PA Bill Number: SB531
Title: In general provisions, providing for findings regarding firearms and ammunition; and, in preemptions, providing for regulation of firearms and ...
Description: In general provisions, providing for findings regarding firearms and ammunition; and, in preemptions, providing for regulation of firearms a ...
Last Action: Removed from table
Last Action Date: Jul 15, 2020
FOAC Monthly Meeting - 08/9/2020
South Fayette Township Municipal Bldg. 515 Millers Run Road, Morgan, PA
FOAC Monthly Meeting - 09/13/2020
South Fayette Township Municipal Bldg. 515 Millers Run Road, Morgan, PA
FOAC Monthly Meeting - 10/11/2020
South Fayette Township Municipal Bldg. 515 Millers Run Road, Morgan, PA
The Origin of an Armed Citizenry :: 01/07/2020
Recent events have shown that America is on the precipice of radically redefining her ancestral right to bear arms. Every major Democratic Presidential candidate has expressed intent to push through sweeping gun control legislation, and the Virginia legislature recently voted to enact an unprecedented policy of rifle confiscations, to name a few. It has become clear that a large segment of the population views the second amendment as an archaic tradition that has long outlived its use. A smaller minority sees it as the remnant of a racist history that should be abolished in the same vein as slavery or Jim Crowe. However, far too little has been said of the tradition that led to James Madison’s inclusion of the Second Amendment in his bill of rights.
Contemporary America often views the right to bear arms as something peculiar and unique to herself. This is a view that certainly has merit. A study by the New York Times found that only nine countries have ever included an explicit right to bear arms. Most of these were the nations liberated by Simon Bolivar in Latin America, and only the United States does not include a mitigating clause in her constitution. It is important to note that Bolivar was a man of the same temperament and character as Washington. He willingly abdicated power, promoted a virtuous citizenry, and advocated for limited government. The shared right to bear arms is likely more than a coincidence. Still, as any decent historian will admit, the Enlightenment ideals of individual sovereignty and personal responsibility may have found their fullest expression in the nation of George Washington, but their origins are in medieval England. This includes the second amendment. Before any attempt is made to undermine a cornerstone of American liberty, one must examine the development of an armed citizenry, and determine if it is still relevant today.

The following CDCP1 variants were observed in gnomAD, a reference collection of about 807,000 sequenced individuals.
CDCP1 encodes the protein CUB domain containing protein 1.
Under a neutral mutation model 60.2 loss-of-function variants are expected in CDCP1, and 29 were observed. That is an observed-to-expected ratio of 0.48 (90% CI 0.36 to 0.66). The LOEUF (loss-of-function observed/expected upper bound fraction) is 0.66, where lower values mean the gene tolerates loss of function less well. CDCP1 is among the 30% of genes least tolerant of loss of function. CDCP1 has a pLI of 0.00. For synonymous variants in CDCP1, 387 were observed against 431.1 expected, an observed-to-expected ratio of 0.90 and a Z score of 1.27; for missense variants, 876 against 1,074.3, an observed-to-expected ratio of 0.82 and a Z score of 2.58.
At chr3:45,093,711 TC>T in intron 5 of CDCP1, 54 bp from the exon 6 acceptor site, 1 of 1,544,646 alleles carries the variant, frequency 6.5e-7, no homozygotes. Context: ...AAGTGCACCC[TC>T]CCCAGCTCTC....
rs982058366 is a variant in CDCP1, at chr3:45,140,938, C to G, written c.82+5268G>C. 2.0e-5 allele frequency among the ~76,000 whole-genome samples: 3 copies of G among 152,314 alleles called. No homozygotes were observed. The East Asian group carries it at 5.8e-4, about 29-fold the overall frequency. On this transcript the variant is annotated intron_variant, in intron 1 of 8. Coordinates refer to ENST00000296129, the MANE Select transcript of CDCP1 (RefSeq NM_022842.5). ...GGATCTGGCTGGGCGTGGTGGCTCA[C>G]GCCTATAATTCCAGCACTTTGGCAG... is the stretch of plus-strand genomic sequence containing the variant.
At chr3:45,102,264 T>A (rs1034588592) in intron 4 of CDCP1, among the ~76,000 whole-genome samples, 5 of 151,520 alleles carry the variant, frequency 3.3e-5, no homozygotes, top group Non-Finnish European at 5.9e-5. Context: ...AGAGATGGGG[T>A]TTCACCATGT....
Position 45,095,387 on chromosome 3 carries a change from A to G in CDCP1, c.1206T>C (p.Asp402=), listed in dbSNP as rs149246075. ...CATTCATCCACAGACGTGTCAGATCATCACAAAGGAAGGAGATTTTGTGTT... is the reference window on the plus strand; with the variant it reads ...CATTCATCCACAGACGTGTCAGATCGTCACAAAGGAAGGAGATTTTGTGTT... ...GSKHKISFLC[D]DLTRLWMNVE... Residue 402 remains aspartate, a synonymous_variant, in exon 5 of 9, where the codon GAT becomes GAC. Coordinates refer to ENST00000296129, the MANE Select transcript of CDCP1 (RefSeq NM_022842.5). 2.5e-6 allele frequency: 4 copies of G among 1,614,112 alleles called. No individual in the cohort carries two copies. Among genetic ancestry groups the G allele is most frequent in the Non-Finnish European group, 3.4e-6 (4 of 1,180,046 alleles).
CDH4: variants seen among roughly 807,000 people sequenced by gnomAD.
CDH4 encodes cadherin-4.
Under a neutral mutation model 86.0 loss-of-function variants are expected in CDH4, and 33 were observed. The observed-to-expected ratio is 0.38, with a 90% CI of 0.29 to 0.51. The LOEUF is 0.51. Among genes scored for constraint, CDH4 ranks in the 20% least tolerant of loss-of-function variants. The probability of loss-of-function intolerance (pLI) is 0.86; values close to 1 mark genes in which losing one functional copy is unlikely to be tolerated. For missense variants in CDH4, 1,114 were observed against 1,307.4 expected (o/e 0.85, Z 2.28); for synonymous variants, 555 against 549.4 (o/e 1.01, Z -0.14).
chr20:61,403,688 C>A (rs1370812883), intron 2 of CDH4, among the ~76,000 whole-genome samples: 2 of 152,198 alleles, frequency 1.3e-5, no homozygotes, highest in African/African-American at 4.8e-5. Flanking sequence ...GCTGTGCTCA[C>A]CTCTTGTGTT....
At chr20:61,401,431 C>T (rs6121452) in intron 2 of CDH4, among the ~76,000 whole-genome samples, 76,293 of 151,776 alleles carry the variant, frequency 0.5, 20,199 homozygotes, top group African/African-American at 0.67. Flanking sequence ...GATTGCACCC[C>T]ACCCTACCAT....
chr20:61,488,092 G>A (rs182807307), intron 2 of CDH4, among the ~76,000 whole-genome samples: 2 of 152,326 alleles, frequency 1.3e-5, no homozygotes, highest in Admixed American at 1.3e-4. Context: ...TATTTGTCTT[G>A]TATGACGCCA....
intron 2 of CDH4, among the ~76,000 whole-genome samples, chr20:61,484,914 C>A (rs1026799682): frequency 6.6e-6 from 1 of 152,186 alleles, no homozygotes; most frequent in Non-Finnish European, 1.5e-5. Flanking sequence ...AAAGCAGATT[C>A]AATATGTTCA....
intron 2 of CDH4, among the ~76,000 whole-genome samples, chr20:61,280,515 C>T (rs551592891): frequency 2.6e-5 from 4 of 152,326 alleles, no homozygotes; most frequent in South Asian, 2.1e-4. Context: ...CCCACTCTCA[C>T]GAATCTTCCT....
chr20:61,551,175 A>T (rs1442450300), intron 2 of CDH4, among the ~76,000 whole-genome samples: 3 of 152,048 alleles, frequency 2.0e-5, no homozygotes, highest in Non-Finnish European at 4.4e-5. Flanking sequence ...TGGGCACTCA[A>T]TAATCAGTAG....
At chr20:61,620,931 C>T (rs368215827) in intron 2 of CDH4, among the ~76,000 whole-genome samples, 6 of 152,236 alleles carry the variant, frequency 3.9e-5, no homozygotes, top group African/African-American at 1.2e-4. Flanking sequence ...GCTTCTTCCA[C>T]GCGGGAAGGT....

The earliest record of a populace being responsible for their own military equipment is Archaic Greece in the seventh century B.C. Wealthier citizens were expected to purchase and maintain armor, weapons, and the ever-important hoplon shield to fight for his mother polis in times of war. A similar but more formalized practice developed in Rome after the overthrow of Tarquinius and the establishment of the Republic in 509 B.C. Members of the “census class” and higher with property worth more than thirty-five hundred sesterces were expected to provide their own equipment for campaigning. Of course, the high cost of quality weapons acted as a de facto form of restriction, but every citizen who could afford to do so had a patriotic duty to bear his own arms. The Greek system ended when Phillip II of Macedon defeated Thebes and Athens at the Battle of Chaeronea in 338 B.C. and assimilated a majority of the Greek city-states into the Corinthian League. Philip II employed a professional army, and after this point, there was a clear distinction between citizen and soldier, rather than soldiering being the responsibility of the citizen. The Macedonian military structure would endure throughout the Hellenistic Period. The Roman practice ended with the Marian Reforms in 107 B.C. It is important to note that both cultures were the only real instances of large scale, majoritarian rule in the ancient world. While not entirely similar to the American concept of a right to bear arms, figures like Solon of Athens and Cincinnatus of Rome, both of whom were largely responsible for these examples of an armed citizenry, influenced much of the Founding Fathers’ political philosophies. Another important note is that the dissolution of the Roman system directly led to Caesar declaring himself “dictator for life” some sixty years later. And the Battle of Chaeronea marked the end of democratic sentiment in Greece until the dissolution of the Ottoman Empire after World War I.